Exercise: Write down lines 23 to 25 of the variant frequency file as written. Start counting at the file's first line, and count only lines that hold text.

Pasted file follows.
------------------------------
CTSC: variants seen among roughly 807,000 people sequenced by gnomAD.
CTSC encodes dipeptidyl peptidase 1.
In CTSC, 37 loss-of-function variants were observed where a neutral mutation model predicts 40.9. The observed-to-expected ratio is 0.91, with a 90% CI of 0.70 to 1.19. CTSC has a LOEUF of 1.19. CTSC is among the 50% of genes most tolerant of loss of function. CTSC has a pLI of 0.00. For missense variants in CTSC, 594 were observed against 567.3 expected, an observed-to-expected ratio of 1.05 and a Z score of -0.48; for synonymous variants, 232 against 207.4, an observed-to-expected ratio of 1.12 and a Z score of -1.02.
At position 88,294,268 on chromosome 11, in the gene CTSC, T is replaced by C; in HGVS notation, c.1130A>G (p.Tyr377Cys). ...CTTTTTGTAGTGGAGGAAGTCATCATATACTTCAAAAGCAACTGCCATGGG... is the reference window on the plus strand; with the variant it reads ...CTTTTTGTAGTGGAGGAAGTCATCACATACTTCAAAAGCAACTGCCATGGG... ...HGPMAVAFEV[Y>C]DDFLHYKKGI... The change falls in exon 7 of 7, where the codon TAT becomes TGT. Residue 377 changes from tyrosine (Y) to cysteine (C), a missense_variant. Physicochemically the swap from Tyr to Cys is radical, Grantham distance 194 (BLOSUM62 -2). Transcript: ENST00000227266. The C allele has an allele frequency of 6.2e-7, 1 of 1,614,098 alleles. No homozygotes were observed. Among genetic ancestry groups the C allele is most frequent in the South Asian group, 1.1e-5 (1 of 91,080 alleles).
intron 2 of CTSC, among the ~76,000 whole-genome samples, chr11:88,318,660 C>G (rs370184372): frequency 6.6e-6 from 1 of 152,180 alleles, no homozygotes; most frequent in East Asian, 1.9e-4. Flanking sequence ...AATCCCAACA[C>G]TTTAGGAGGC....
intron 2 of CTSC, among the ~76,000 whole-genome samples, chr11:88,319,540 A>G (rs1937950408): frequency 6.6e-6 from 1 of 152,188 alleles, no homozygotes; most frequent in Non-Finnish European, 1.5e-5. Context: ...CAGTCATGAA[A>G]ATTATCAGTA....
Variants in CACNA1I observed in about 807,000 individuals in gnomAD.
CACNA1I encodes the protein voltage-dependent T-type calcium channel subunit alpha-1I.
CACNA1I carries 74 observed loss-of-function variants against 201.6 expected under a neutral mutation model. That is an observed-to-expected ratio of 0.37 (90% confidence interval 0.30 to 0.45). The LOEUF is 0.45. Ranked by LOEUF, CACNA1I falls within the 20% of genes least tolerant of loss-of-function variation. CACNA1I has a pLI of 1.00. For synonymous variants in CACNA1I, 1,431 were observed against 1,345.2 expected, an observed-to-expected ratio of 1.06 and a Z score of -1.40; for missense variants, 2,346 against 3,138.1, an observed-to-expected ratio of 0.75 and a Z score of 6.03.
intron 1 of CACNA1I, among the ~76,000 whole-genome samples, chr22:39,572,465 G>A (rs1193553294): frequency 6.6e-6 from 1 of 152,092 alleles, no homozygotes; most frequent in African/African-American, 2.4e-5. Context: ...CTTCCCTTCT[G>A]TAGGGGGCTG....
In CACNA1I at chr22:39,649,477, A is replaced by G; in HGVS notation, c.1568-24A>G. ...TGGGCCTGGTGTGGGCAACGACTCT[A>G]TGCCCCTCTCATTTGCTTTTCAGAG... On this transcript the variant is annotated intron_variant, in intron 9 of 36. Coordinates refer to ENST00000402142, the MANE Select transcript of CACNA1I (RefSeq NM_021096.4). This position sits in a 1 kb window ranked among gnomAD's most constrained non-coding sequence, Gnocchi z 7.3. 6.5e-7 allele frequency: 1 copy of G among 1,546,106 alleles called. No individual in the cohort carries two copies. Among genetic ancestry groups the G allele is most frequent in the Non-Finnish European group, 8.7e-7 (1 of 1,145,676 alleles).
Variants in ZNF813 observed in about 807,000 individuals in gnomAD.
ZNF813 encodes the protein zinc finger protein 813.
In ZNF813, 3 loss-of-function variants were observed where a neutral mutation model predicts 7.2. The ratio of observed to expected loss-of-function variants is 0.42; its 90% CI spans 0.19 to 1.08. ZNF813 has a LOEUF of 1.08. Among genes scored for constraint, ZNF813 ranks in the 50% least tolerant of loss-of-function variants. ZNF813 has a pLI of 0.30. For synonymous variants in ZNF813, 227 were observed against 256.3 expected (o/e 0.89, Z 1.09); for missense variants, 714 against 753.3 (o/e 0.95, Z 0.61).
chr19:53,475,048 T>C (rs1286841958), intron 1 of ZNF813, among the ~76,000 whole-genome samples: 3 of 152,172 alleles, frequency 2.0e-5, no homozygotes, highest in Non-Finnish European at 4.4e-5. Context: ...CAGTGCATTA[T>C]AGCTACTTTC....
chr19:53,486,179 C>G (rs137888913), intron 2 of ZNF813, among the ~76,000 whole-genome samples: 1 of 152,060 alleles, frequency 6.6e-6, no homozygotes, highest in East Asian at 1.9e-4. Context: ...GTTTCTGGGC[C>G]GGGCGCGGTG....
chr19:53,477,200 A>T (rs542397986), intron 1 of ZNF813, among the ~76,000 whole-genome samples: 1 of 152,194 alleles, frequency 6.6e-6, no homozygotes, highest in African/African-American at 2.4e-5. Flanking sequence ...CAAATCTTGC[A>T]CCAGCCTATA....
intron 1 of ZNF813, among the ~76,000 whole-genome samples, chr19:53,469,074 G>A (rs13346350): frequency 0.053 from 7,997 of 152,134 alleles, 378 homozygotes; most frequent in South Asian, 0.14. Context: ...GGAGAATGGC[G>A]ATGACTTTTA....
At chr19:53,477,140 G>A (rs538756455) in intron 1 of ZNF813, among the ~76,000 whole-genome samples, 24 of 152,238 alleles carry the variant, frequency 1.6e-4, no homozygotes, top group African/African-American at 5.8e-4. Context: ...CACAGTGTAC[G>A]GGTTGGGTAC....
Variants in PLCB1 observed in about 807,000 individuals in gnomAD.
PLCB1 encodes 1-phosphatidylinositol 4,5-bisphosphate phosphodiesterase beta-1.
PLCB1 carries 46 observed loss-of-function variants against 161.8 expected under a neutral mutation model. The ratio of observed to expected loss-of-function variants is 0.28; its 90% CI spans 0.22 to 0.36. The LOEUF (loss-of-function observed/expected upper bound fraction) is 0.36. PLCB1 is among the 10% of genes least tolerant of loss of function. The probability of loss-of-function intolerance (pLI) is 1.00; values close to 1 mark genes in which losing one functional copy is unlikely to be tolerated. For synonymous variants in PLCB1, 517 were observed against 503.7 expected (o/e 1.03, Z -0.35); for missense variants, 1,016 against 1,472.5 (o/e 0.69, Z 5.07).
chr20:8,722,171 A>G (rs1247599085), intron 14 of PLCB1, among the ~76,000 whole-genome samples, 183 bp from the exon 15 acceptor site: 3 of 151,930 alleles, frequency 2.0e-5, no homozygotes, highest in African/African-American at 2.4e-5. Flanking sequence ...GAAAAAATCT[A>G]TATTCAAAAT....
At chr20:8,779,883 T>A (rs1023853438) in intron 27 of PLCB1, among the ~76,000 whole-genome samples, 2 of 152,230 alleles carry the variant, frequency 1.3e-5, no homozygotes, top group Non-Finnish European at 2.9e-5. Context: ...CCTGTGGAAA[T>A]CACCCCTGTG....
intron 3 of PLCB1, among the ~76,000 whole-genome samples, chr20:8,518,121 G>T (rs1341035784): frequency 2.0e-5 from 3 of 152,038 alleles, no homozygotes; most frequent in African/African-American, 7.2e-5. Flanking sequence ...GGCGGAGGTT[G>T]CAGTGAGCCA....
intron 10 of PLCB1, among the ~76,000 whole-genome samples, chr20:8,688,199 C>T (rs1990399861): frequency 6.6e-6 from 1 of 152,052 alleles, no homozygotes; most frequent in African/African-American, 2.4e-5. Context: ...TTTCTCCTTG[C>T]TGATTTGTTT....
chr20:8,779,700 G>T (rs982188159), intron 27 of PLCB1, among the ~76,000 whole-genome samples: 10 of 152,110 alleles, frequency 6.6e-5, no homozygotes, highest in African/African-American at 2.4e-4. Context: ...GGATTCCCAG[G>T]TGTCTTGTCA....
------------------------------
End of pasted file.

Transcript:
chr20:8,722,171 A>G (rs1247599085), intron 14 of PLCB1, among the ~76,000 whole-genome samples, 183 bp from the exon 15 acceptor site: 3 of 151,930 alleles, frequency 2.0e-5, no homozygotes, highest in African/African-American at 2.4e-5. Flanking sequence ...GAAAAAATCT[A>G]TATTCAAAAT....
At chr20:8,779,883 T>A (rs1023853438) in intron 27 of PLCB1, among the ~76,000 whole-genome samples, 2 of 152,230 alleles carry the variant, frequency 1.3e-5, no homozygotes, top group Non-Finnish European at 2.9e-5. Context: ...CCTGTGGAAA[T>A]CACCCCTGTG....
intron 3 of PLCB1, among the ~76,000 whole-genome samples, chr20:8,518,121 G>T (rs1341035784): frequency 2.0e-5 from 3 of 152,038 alleles, no homozygotes; most frequent in African/African-American, 7.2e-5. Flanking sequence ...GGCGGAGGTT[G>T]CAGTGAGCCA....